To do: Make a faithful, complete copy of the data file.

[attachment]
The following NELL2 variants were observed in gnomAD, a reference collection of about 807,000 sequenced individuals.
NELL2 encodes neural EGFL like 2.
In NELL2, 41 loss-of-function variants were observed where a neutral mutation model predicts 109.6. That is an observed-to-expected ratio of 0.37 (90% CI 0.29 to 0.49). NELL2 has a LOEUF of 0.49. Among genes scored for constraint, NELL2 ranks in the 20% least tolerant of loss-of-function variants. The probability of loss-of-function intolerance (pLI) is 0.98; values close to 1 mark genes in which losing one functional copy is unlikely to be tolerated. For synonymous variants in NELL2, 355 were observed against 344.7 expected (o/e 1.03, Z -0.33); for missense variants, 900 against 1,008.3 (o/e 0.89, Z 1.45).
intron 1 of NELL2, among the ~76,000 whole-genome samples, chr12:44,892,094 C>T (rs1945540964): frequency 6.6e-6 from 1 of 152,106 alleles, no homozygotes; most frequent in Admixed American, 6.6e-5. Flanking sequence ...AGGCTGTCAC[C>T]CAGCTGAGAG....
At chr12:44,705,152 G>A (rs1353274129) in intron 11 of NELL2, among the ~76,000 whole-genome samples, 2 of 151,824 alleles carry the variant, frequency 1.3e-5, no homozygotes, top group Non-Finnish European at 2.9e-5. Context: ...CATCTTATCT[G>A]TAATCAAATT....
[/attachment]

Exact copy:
The following NELL2 variants were observed in gnomAD, a reference collection of about 807,000 sequenced individuals.
NELL2 encodes neural EGFL like 2.
In NELL2, 41 loss-of-function variants were observed where a neutral mutation model predicts 109.6. That is an observed-to-expected ratio of 0.37 (90% CI 0.29 to 0.49). NELL2 has a LOEUF of 0.49. Among genes scored for constraint, NELL2 ranks in the 20% least tolerant of loss-of-function variants. The probability of loss-of-function intolerance (pLI) is 0.98; values close to 1 mark genes in which losing one functional copy is unlikely to be tolerated. For synonymous variants in NELL2, 355 were observed against 344.7 expected (o/e 1.03, Z -0.33); for missense variants, 900 against 1,008.3 (o/e 0.89, Z 1.45).
intron 1 of NELL2, among the ~76,000 whole-genome samples, chr12:44,892,094 C>T (rs1945540964): frequency 6.6e-6 from 1 of 152,106 alleles, no homozygotes; most frequent in Admixed American, 6.6e-5. Flanking sequence ...AGGCTGTCAC[C>T]CAGCTGAGAG....
At chr12:44,705,152 G>A (rs1353274129) in intron 11 of NELL2, among the ~76,000 whole-genome samples, 2 of 151,824 alleles carry the variant, frequency 1.3e-5, no homozygotes, top group Non-Finnish European at 2.9e-5. Context: ...CATCTTATCT[G>A]TAATCAAATT....